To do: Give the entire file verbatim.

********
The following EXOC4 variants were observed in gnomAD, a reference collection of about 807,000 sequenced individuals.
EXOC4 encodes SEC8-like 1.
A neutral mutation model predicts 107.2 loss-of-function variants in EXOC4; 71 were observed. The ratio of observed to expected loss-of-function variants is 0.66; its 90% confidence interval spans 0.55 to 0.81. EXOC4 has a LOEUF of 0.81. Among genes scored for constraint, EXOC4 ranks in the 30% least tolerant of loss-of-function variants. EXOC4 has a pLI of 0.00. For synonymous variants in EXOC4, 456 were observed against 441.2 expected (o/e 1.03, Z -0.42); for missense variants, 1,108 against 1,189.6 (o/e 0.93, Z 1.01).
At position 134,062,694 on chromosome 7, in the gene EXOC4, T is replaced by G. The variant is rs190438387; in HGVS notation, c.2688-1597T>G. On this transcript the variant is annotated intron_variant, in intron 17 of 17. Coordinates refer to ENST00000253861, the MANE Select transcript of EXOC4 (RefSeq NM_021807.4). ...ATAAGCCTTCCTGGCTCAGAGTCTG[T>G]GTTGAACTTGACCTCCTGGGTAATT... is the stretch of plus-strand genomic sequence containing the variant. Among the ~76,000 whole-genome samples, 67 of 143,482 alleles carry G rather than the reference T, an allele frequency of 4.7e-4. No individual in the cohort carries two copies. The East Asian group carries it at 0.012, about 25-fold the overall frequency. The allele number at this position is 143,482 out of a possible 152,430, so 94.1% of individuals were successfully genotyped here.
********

The following EXOC4 variants were observed in gnomAD, a reference collection of about 807,000 sequenced individuals.
EXOC4 encodes SEC8-like 1.
A neutral mutation model predicts 107.2 loss-of-function variants in EXOC4; 71 were observed. The ratio of observed to expected loss-of-function variants is 0.66; its 90% confidence interval spans 0.55 to 0.81. EXOC4 has a LOEUF of 0.81. Among genes scored for constraint, EXOC4 ranks in the 30% least tolerant of loss-of-function variants. EXOC4 has a pLI of 0.00. For synonymous variants in EXOC4, 456 were observed against 441.2 expected (o/e 1.03, Z -0.42); for missense variants, 1,108 against 1,189.6 (o/e 0.93, Z 1.01).
At position 134,062,694 on chromosome 7, in the gene EXOC4, T is replaced by G. The variant is rs190438387; in HGVS notation, c.2688-1597T>G. On this transcript the variant is annotated intron_variant, in intron 17 of 17. Coordinates refer to ENST00000253861, the MANE Select transcript of EXOC4 (RefSeq NM_021807.4). ...ATAAGCCTTCCTGGCTCAGAGTCTG[T>G]GTTGAACTTGACCTCCTGGGTAATT... is the stretch of plus-strand genomic sequence containing the variant. Among the ~76,000 whole-genome samples, 67 of 143,482 alleles carry G rather than the reference T, an allele frequency of 4.7e-4. No individual in the cohort carries two copies. The East Asian group carries it at 0.012, about 25-fold the overall frequency. The allele number at this position is 143,482 out of a possible 152,430, so 94.1% of individuals were successfully genotyped here.